This article will list all well known and famous “voice protocols”. And, also we will shed some light on various things that those protocols are doing that make up a voice over IP network functional.
VoIP networks are very popular these days. In order to support communication between traditional PBXs, Cisco IP phones, analog PSTN, and the analog telephones, all over IP network, quite a number of protocols are needed. Few protocols are indicating protocols (for instance, MGCP, H.323, SIP, H.248, and SCCP) used to position, sustain, and bring down a call. Other protocols are marked at the real voice packets (for example, SRTP, RTCP, and RTP) relatively indicating information. Few of the most common VoIP protocols are shown and described here.
- SIP – This section is about “Session Initiation Protocol” (SIP), similar to H.323, it is regarded to be a “peer-to-peer” protocol! SIP is a famous, well known and popular protocol that can also be used and applied in a mixed-vendor surrounding, possibly due to its usage of existing and other residing protocols, such as SMTP and HTTP (Hyper text transfer protocol).
- RTP – This section is related to “Real-time Transport Protocol” (RTP) this takes the payload of the voice. Fascinatingly, even though the RTP can be classified as a protocol that is of “Layer 4”, it is summarized in the internals of UDP (and this is also a protocol of Layer 4). Even though the port numbers of this UDP that are used; can have various differences regarding the vendor, particularly in Cisco surroundings, the “RTP” characteristically makes use of UDP ports within the range of 16,384 to 32,767.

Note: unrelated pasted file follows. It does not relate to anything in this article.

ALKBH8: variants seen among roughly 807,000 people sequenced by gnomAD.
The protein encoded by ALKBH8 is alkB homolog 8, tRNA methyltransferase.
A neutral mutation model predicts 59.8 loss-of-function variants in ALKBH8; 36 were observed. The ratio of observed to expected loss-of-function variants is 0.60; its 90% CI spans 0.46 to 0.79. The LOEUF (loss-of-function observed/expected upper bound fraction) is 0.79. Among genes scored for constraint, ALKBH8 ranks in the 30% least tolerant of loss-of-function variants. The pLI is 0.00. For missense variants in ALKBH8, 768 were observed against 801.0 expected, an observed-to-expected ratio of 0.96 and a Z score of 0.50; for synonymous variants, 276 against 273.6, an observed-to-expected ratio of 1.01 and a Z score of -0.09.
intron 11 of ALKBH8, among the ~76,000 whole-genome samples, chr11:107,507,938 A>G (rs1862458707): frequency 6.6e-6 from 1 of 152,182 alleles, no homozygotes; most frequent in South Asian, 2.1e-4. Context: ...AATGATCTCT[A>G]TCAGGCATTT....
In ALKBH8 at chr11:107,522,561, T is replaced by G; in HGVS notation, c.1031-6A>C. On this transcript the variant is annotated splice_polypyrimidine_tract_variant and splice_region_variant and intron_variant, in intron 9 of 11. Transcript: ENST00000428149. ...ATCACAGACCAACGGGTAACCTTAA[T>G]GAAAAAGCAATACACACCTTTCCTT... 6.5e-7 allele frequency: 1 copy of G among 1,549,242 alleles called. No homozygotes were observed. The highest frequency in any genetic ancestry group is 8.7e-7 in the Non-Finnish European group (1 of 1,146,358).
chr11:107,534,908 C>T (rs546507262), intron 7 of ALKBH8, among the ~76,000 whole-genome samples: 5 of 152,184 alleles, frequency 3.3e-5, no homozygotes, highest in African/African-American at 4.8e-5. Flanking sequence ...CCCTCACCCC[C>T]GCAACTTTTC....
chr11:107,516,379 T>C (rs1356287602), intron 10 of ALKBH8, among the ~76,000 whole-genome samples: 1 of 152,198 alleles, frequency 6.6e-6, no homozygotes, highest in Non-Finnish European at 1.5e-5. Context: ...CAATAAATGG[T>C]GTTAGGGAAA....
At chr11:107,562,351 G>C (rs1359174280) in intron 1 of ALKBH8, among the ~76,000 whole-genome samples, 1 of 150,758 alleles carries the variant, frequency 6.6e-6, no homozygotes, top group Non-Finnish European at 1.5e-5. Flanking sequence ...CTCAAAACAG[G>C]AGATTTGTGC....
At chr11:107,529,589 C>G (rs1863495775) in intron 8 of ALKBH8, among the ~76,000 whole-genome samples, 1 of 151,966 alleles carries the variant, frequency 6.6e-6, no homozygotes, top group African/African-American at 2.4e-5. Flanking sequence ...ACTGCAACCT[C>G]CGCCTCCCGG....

- RTCP – The control protocol of RTP (RTCP) supplies and provides with information regarding the flow of RTP (such as, information and data regarding the eminence of that call). According to context; in a Cisco surrounding or environment, RTCP characteristically makes use of odd UDP ports within the range 16,384-32,767.
- SRTP – Secure RTP – protects the broadcast of the voice through RTP. Particularly and specifically, SRTP can add authentication, encryption, anti-replay mechanisms to voice traffic, and integrity.
- H.323 – H.323 is an ITU customary. Instead of being just one protocol, it is a collection of protocols. Ahead of protocols, the H.323 customary also explains various devices, for example VoIP gatekeepers and VoIP gateways. H.323 is regarded as a peer-to-peer protocol; this is because few H.323 devices can create their very own call-routing choices, as contrasting to dependant on an outer catalog database.
- MGCP – An initial development of Cisco, the “Media Gateway Control Protocol” (MGCP) is regarded as a client protocol or a server protocol as well. This server (for instance, has an analog port that is in a router with voice enabled feature) can also interact with a server (Cisco Unified Communications server is a common example in this criteria) through a cycle of signals and events. This particular server can tell the customer that in this event that compiles of a phone going off-hook starts the signal of dialing the tone to that phone.
- H.248 – On the basis of MGCP, that is H.248 customary is also well known as Megaco in the technical nomenclature. Particularly, the new H.248 is actually a joint IETF and ITU customary. Even though H.248 also resembles the features of the MGCP, it is actually quite supple in terms of usage and its sustaining ability/to support for applications and gateways.
- SCCP – This is about Skinny Client Control Protocol (SCCP), and it is frequently known as the skinny protocol, it is actually a proprietary signaling protocol of Cisco. SCCP is frequently and quite often used for the purpose of signaling (indicating) between and Cisco Unified Communications Manager servers Cisco IP Phones. But, various gateways of Cisco also help in sustaining SCCP. SCCP is regarded as a server/client protocol; examples include H.248 and also MGCP.